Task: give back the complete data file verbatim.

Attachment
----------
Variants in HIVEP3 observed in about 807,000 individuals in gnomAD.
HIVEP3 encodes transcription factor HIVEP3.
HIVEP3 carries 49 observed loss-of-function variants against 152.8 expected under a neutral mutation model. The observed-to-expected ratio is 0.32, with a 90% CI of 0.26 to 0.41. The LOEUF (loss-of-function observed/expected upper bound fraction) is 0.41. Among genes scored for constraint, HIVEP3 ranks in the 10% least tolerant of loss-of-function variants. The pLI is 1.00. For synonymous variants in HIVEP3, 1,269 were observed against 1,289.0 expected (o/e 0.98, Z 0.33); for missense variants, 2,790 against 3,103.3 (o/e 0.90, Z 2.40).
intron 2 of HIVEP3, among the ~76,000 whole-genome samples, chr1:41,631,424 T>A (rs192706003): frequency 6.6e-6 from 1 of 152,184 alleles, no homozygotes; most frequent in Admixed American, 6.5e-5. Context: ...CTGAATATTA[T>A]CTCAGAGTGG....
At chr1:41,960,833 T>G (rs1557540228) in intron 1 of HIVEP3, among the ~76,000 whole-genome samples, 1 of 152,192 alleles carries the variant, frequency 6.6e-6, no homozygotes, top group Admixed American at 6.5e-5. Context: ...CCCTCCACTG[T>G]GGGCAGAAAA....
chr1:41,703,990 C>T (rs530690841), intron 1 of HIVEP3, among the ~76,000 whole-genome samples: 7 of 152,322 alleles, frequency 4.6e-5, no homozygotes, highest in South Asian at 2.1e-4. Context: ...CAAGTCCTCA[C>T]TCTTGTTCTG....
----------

Variants in HIVEP3 observed in about 807,000 individuals in gnomAD.
HIVEP3 encodes transcription factor HIVEP3.
HIVEP3 carries 49 observed loss-of-function variants against 152.8 expected under a neutral mutation model. The observed-to-expected ratio is 0.32, with a 90% CI of 0.26 to 0.41. The LOEUF (loss-of-function observed/expected upper bound fraction) is 0.41. Among genes scored for constraint, HIVEP3 ranks in the 10% least tolerant of loss-of-function variants. The pLI is 1.00. For synonymous variants in HIVEP3, 1,269 were observed against 1,289.0 expected (o/e 0.98, Z 0.33); for missense variants, 2,790 against 3,103.3 (o/e 0.90, Z 2.40).
intron 2 of HIVEP3, among the ~76,000 whole-genome samples, chr1:41,631,424 T>A (rs192706003): frequency 6.6e-6 from 1 of 152,184 alleles, no homozygotes; most frequent in Admixed American, 6.5e-5. Context: ...CTGAATATTA[T>A]CTCAGAGTGG....
At chr1:41,960,833 T>G (rs1557540228) in intron 1 of HIVEP3, among the ~76,000 whole-genome samples, 1 of 152,192 alleles carries the variant, frequency 6.6e-6, no homozygotes, top group Admixed American at 6.5e-5. Context: ...CCCTCCACTG[T>G]GGGCAGAAAA....
chr1:41,703,990 C>T (rs530690841), intron 1 of HIVEP3, among the ~76,000 whole-genome samples: 7 of 152,322 alleles, frequency 4.6e-5, no homozygotes, highest in South Asian at 2.1e-4. Context: ...CAAGTCCTCA[C>T]TCTTGTTCTG....